The funnel of the conversion to install had too many steps, few users knew how to go through all of them, and there were little to no acquisition channels. It won't be possible to return to these times, thankfully, even if two well-established marketplaces, the App Store and Google Play, cease to exist at once. Though I don't think we'd soon have nice alternatives to them either. Google allows 3rd party marketplaces to be installed on Android devices but it doesn't seem that any of them come close to Google Play in features and user experience, to be honest.
Even Epic Games Store, if we take a look at PC gaming marketplaces, is pretty scarce in terms of features: despite having an opportunity to copy and hone Steam best practices, the UX isn't great. For example, they still don't have a shopping cart — though it's pretty vital for user experience, especially during sales. This feature has been sitting on their roadmap
for at least a year. I think smaller companies have even less chances to quickly develop something decent without causing users' complaints.
Also, it's great that developers now have access to numerous features incorporated in just two marketplaces with a huge number of paying users. We can have a look at the Chinese mobile market where thousands of stores exist, users are scattered across them, and a developer has to accommodate to several sets of rules while rarely getting even a pinch of features that the App Store and Google Play have. Of course, the App Store is available there yet (while Google Play is blocked). However, if the App Store caves into Trump's demands and bans WeChat, the interest in Apple devices will decline — this app is vital for Chinese users, playing the same part as the web does in other countries.
Ok, I'm trailing off here. The trade war between the US and China is sometimes cited as an underlying reason for this conflict but I'm not sure I want to dive into this issue at all. I only know that Tencent owns 40% of Epic Games — but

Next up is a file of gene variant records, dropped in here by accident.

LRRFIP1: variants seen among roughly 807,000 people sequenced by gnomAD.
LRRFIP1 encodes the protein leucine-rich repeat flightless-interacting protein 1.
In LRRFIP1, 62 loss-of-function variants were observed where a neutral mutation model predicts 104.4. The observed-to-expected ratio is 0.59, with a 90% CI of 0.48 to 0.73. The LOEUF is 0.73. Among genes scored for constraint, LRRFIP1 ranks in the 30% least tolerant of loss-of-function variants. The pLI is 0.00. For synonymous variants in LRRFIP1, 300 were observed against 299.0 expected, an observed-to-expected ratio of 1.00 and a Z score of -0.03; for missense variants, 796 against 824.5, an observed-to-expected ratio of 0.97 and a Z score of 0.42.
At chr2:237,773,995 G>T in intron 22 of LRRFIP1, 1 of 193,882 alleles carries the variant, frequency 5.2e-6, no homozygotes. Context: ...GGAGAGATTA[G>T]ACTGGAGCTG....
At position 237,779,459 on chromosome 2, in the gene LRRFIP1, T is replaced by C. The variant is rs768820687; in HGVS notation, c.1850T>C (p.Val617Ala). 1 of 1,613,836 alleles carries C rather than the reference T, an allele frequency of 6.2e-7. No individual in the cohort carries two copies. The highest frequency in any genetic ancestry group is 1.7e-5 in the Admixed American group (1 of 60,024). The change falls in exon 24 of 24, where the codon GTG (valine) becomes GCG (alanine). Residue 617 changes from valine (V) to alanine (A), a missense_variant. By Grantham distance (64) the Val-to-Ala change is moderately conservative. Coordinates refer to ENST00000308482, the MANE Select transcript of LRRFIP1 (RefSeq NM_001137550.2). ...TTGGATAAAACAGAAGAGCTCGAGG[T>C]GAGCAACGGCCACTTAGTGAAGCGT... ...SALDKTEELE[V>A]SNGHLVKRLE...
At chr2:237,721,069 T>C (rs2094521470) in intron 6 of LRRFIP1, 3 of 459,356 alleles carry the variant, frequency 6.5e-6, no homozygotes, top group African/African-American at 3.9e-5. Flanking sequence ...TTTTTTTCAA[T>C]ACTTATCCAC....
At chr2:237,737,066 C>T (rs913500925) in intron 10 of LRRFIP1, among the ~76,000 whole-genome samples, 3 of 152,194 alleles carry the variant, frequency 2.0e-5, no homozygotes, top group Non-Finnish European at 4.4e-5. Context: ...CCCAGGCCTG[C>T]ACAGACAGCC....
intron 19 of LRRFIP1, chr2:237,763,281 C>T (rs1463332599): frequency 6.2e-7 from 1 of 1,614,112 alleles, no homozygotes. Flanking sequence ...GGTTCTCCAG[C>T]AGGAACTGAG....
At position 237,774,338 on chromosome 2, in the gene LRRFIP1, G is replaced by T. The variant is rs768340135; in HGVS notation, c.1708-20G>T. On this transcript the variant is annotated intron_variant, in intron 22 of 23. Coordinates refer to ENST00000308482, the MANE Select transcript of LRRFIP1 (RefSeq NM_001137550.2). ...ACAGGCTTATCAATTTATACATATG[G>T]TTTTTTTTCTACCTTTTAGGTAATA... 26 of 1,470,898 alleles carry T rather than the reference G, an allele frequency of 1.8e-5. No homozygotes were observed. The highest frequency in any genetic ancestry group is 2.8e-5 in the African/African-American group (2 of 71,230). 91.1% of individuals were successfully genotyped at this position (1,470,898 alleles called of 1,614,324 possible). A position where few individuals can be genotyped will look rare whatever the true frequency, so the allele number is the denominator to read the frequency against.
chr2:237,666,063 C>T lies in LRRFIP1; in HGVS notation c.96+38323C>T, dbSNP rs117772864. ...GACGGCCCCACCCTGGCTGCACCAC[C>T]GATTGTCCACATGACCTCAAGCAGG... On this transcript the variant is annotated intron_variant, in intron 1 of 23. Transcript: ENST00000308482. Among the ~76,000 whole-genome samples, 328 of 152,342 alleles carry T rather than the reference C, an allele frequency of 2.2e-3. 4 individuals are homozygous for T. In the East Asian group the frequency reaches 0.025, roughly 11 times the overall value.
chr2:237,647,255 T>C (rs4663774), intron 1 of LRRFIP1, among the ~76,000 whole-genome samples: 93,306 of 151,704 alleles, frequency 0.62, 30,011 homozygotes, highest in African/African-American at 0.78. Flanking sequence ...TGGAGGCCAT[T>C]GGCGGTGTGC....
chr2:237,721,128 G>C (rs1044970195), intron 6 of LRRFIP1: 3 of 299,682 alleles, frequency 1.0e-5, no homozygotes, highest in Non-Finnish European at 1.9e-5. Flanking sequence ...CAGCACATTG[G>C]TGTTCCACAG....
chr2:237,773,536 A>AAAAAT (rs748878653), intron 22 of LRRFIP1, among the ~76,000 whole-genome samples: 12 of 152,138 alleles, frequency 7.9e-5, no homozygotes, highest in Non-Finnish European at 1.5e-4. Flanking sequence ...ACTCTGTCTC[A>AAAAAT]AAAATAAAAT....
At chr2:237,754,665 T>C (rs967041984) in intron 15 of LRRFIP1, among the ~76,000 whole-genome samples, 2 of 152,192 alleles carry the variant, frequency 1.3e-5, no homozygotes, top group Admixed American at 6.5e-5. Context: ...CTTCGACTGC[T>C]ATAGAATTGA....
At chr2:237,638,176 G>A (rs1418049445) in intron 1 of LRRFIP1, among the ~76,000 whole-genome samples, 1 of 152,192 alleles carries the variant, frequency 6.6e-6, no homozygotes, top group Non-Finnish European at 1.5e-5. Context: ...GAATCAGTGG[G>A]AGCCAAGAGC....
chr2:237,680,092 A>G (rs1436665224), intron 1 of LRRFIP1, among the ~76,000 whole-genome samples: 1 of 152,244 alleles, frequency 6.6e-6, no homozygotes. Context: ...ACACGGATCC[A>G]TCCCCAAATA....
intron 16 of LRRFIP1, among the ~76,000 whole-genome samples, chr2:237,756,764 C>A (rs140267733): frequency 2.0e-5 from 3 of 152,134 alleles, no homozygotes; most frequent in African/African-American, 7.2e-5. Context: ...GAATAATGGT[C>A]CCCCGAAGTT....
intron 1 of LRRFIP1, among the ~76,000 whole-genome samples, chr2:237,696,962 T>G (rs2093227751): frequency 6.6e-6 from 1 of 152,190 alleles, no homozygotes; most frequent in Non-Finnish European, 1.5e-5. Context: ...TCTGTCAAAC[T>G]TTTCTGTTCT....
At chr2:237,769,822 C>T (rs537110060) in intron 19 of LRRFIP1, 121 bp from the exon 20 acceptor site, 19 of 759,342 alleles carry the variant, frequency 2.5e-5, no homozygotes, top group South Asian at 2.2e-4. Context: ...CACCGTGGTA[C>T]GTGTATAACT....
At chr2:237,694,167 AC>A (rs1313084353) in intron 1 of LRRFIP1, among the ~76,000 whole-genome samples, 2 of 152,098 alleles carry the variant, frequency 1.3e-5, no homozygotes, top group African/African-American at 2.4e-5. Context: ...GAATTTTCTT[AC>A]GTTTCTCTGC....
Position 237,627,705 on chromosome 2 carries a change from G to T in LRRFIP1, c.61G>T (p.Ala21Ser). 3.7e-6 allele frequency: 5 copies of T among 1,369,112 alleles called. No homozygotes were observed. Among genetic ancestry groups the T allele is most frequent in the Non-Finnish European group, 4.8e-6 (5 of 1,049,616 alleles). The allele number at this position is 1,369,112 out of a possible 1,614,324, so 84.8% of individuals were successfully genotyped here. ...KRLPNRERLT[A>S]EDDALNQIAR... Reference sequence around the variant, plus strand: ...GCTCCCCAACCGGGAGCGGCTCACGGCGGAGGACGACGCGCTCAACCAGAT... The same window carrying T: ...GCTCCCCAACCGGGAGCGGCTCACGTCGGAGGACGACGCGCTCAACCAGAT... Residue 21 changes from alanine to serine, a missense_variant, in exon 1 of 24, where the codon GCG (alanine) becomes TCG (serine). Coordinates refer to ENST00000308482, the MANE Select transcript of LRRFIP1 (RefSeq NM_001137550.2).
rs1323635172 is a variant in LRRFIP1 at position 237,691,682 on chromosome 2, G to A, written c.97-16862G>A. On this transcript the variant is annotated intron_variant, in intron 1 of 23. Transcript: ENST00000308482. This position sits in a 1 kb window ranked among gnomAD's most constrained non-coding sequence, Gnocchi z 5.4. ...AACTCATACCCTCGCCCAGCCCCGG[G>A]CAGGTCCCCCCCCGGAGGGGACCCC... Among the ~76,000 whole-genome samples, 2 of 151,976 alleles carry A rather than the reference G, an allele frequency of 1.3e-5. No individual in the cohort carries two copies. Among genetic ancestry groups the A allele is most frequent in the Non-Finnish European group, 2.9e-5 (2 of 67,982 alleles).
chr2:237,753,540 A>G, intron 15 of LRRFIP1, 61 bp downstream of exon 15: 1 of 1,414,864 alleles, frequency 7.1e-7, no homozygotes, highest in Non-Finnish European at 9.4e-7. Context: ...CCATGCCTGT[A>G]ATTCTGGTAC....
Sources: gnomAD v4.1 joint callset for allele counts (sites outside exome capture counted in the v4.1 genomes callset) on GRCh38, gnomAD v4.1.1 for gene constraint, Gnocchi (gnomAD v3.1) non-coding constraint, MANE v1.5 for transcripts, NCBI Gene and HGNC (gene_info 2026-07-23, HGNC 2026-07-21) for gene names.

Tim Sweeney, their CEO, is still the decision maker.
So, there shouldn't be doubts that Apple changed
the way apps and games are distributed to the better. Hell, the biggest irony of all this situation with lawsuits is that they lowered industry standard to 30% — and I recall 80% commissions before this standard was established in 2011 — while providing a bunch of tools that make developer lives easier.
Also, the commission isn't always equal to 30%. The App Store and Google Play commission structure is more favourable for app developers that use in-app subscriptions as their monetisation model, cutting the commission from 30% to 15% for each user after the first year of their subscription. However, for other monetisation models and games the commission rate stays at 30%.
And if your app qualifies as a reader or a business app, you can add an alternative payment method. Definitions of these two categories are rather vague, and Hey! by Basecamp tried to use this loophole
but couldn't get through the review process in the App Store. Dropbox somehow qualifies as a reader though.
Digital Context Next also raised their concerns
about the flexibility of Apple's policies regarding the subscription fee. During latest antitrust trials of Apple, Google, Facebook, and Amazon, it was revealed that Amazon Video Prime's fee was reduced to 15% for new subscribers and was waived for previous ones. The app was also allowed to implement other payment methods.
Oh, by the way. I'm not talking a lot about Google Play because it mostly follows the App Store trail. Also, Google allows installing other marketplaces on Android devices so it softens the power dynamics between an OS company and developers.
The ultimate goal of Epic Games is linked to this fact more than to service fees. They don't hide their intention to create a stand-alone gaming store as they did for Android, PC and Mac — it's mentioned in the lawsuit against Apple. Epic Games don't seem to think that the company that created an ecosystem is entitled to be the only beneficiary party.
Their strategy to attack the commission rates of a competitor instead of their place in product distribution has already worked once. In result, Epic Games attracted more users because Epic Games Store was lavishly mentioned in headlines, tweets, and subreddits. It was likely just a side effect that Steam lowered their commission
for games that earned more than 10 million dollars.
I don't think this conflict will seriously affect the dominating role of the App Store and Google Play on the mobile market — as we can see, Steam haven't lost its leading position. However, it might tank some companies and nurture new possibilities for developing awesome products.
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